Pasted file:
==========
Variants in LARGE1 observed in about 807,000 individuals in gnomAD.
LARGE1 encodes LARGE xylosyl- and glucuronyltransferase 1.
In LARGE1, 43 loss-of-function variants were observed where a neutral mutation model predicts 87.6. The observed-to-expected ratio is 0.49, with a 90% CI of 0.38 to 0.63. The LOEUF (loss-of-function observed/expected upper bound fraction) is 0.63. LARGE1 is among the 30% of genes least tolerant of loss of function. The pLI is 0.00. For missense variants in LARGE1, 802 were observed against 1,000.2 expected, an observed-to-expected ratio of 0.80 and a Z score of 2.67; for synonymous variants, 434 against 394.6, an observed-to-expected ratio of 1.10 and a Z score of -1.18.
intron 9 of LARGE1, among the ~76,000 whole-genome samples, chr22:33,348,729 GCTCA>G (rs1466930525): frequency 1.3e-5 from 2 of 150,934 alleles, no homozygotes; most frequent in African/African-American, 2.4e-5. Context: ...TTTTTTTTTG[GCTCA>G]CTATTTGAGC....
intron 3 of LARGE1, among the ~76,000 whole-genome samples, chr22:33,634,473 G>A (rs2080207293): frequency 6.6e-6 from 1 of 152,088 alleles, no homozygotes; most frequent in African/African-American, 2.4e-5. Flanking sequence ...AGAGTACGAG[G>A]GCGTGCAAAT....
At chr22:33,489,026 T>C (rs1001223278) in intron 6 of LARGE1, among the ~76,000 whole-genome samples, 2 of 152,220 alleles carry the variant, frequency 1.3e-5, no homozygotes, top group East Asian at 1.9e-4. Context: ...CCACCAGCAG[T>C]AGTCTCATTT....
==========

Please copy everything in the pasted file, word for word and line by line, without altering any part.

Variants in LARGE1 observed in about 807,000 individuals in gnomAD.
LARGE1 encodes LARGE xylosyl- and glucuronyltransferase 1.
In LARGE1, 43 loss-of-function variants were observed where a neutral mutation model predicts 87.6. The observed-to-expected ratio is 0.49, with a 90% CI of 0.38 to 0.63. The LOEUF (loss-of-function observed/expected upper bound fraction) is 0.63. LARGE1 is among the 30% of genes least tolerant of loss of function. The pLI is 0.00. For missense variants in LARGE1, 802 were observed against 1,000.2 expected, an observed-to-expected ratio of 0.80 and a Z score of 2.67; for synonymous variants, 434 against 394.6, an observed-to-expected ratio of 1.10 and a Z score of -1.18.
intron 9 of LARGE1, among the ~76,000 whole-genome samples, chr22:33,348,729 GCTCA>G (rs1466930525): frequency 1.3e-5 from 2 of 150,934 alleles, no homozygotes; most frequent in African/African-American, 2.4e-5. Context: ...TTTTTTTTTG[GCTCA>G]CTATTTGAGC....
intron 3 of LARGE1, among the ~76,000 whole-genome samples, chr22:33,634,473 G>A (rs2080207293): frequency 6.6e-6 from 1 of 152,088 alleles, no homozygotes; most frequent in African/African-American, 2.4e-5. Flanking sequence ...AGAGTACGAG[G>A]GCGTGCAAAT....
At chr22:33,489,026 T>C (rs1001223278) in intron 6 of LARGE1, among the ~76,000 whole-genome samples, 2 of 152,220 alleles carry the variant, frequency 1.3e-5, no homozygotes, top group East Asian at 1.9e-4. Context: ...CCACCAGCAG[T>C]AGTCTCATTT....